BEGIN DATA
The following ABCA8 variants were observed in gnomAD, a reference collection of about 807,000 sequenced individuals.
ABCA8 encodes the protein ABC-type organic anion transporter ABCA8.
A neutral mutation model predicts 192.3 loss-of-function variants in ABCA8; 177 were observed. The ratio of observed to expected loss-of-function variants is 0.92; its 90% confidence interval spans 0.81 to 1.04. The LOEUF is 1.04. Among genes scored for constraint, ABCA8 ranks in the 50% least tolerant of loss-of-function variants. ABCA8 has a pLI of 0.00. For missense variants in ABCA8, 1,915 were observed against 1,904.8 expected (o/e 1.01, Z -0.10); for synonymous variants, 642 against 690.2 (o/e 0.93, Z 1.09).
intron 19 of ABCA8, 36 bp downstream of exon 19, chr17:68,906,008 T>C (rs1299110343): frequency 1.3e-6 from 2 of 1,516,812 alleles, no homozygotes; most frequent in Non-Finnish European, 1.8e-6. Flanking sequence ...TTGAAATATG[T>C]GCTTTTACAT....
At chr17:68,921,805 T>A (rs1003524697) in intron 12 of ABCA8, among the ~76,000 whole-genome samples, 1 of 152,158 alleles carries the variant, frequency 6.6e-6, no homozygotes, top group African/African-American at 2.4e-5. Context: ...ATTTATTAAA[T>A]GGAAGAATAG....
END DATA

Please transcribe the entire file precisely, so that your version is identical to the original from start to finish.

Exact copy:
The following ABCA8 variants were observed in gnomAD, a reference collection of about 807,000 sequenced individuals.
ABCA8 encodes the protein ABC-type organic anion transporter ABCA8.
A neutral mutation model predicts 192.3 loss-of-function variants in ABCA8; 177 were observed. The ratio of observed to expected loss-of-function variants is 0.92; its 90% confidence interval spans 0.81 to 1.04. The LOEUF is 1.04. Among genes scored for constraint, ABCA8 ranks in the 50% least tolerant of loss-of-function variants. ABCA8 has a pLI of 0.00. For missense variants in ABCA8, 1,915 were observed against 1,904.8 expected (o/e 1.01, Z -0.10); for synonymous variants, 642 against 690.2 (o/e 0.93, Z 1.09).
intron 19 of ABCA8, 36 bp downstream of exon 19, chr17:68,906,008 T>C (rs1299110343): frequency 1.3e-6 from 2 of 1,516,812 alleles, no homozygotes; most frequent in Non-Finnish European, 1.8e-6. Flanking sequence ...TTGAAATATG[T>C]GCTTTTACAT....
At chr17:68,921,805 T>A (rs1003524697) in intron 12 of ABCA8, among the ~76,000 whole-genome samples, 1 of 152,158 alleles carries the variant, frequency 6.6e-6, no homozygotes, top group African/African-American at 2.4e-5. Context: ...ATTTATTAAA[T>A]GGAAGAATAG....